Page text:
Big Brains

The Simple Farm: 2013 Big Brain Awards Finalist, Culinary

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Picture Grant Wood's American Gothic with a really, really, really good-looking couple and you've got Lylah and Michael Ledner.

It's amazing that reality TV hasn't snatched these two up -- yet. They've got all the elements: They're baby boomers who met (relatively) late in life, moved to North Scottsdale, and started a church in their home, then leased a few acres of old horse property between ritzy housing developments to start a farm.

"I used to buy designer shoes, now I buy designer seeds," Lylah Ledner says with a smile, pausing for a moment to chat as The Simple Farm's Thursday morning "French Market" winds down and the April day begins to heat up. Lylah's got fresh dirt under her nails from picking weeds; somehow her bubblegum pink lipstick is just as fresh.

She relaxes in a plastic chair at a table draped with black-and-white-checked oilcloth, pausing to empty the big pockets of her apron: a syringe from giving a goat an enema; a French knife given to her by a customer; someone else's business card; and an iPhone with a screen so shattered it's hard to believe Lylah can get it to work. But she does, and you know because she's a frequent poster on Instgram (@thesimplefarm) and Facebook, and you can find The Simple Farm's blog at thesimplefarmmarketgarden.com.

The Ledners got a head start on the local farm craze, moving to the Valley in November 2009, ripping out "oleanders to the sky," and planting a garden as a way of connecting with the land. "We're both half-Jewish and we love Jesus," Lylah says, and though she'd gardened and raised animals before, Michael never had.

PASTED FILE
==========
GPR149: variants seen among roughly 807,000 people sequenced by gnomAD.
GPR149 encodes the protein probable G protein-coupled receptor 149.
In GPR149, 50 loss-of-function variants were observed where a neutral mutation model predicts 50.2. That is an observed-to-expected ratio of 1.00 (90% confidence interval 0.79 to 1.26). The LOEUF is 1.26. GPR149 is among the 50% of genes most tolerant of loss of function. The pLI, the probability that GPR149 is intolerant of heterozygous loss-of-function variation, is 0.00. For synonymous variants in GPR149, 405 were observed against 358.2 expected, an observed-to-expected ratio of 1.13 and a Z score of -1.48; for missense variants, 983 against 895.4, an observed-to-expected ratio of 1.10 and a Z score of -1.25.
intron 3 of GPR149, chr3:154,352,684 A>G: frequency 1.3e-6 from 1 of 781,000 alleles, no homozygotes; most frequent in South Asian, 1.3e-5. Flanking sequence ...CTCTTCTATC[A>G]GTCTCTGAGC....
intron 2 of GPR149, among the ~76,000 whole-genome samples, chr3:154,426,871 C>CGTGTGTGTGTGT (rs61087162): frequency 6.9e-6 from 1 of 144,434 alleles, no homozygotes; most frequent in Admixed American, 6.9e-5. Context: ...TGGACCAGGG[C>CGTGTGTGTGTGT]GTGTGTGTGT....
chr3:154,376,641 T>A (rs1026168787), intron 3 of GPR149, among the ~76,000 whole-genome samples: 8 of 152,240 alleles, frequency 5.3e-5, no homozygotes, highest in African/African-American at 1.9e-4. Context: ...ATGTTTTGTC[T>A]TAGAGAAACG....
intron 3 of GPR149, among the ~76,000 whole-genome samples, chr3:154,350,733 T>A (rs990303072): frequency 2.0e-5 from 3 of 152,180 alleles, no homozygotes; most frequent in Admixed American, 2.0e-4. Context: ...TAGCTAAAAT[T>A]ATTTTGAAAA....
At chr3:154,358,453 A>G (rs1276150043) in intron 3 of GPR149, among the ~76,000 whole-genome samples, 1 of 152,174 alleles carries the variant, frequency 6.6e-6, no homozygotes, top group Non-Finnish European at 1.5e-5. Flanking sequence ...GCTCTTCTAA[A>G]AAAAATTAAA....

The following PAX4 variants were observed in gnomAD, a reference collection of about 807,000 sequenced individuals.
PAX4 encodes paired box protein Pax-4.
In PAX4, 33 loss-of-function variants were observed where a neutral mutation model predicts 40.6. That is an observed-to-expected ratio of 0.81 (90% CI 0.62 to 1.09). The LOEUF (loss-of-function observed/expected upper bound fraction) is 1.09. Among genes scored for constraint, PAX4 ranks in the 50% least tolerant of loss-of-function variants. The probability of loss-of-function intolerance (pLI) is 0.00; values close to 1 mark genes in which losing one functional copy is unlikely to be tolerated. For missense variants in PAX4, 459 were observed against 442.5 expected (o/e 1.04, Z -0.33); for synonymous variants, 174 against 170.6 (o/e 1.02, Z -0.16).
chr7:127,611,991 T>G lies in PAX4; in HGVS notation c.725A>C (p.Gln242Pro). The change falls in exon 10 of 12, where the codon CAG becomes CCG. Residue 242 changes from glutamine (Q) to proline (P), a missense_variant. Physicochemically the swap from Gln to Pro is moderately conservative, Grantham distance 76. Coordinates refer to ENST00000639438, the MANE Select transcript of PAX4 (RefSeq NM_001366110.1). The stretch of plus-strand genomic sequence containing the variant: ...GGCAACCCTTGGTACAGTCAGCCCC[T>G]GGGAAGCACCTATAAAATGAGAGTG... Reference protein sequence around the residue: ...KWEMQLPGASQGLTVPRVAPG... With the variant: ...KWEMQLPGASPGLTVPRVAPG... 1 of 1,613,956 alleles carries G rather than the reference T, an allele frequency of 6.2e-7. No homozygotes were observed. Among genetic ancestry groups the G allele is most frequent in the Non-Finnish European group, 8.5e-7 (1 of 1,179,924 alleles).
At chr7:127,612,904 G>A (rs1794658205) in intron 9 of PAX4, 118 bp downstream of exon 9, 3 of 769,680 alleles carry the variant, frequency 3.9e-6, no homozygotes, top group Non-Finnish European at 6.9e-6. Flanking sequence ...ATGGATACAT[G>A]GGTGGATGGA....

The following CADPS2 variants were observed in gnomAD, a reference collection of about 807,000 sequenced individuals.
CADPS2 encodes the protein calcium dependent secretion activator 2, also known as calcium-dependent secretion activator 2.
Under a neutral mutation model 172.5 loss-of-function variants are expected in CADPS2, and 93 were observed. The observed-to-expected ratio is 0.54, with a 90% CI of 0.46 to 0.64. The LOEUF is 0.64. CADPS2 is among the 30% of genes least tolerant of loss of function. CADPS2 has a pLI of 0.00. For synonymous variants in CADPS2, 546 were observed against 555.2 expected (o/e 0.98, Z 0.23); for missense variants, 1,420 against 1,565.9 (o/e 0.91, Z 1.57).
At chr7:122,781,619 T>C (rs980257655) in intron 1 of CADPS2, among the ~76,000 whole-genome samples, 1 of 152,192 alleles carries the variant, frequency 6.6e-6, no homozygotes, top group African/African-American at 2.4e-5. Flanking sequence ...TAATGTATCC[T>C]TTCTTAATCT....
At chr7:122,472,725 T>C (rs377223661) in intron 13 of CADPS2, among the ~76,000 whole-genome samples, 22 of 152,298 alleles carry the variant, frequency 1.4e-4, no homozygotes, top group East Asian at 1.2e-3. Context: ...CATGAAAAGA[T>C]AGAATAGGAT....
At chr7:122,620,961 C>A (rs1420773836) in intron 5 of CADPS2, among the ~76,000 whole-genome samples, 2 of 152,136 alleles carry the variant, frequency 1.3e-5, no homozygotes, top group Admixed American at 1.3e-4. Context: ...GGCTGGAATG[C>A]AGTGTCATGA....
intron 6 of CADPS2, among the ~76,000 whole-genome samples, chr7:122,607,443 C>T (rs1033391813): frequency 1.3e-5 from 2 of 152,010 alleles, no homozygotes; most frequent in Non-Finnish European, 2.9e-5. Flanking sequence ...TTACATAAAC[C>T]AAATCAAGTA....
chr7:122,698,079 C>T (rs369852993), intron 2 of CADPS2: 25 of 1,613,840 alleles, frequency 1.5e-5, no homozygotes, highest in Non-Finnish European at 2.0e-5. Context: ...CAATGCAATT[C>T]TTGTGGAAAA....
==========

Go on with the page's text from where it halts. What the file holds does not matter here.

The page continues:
"I'm a good girl; he's a hippie," she says, trying not to laugh. "Michael went to Woodstock."

There's even a rumor that he actually brought water to Jimi Hendrix. Michael Ledner says it's not true, though his bright blue eyes twinkle at the suggestion. The two tease each other gently -- all the time -- obviously smitten.

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Amy Silverman is a two-time winner of the Arizona Press Club’s Journalist of the Year award. Her work has appeared on the radio show This American Life and in the New York Times, the Washington Post, Lenny Letter, and Brain, Child. She’s the co-curator of the live reading series Bar Flies, and a commentator for KJZZ, the NPR affiliate in Phoenix. Silverman is the author of the book My Heart Can’t Even Believe It: A Story of Science, Love, and Down Syndrome (Woodbine House 2016). Follow her on Instagram (@amysilverman), Twitter (@amysilvermanaz), and at amy-silverman.com.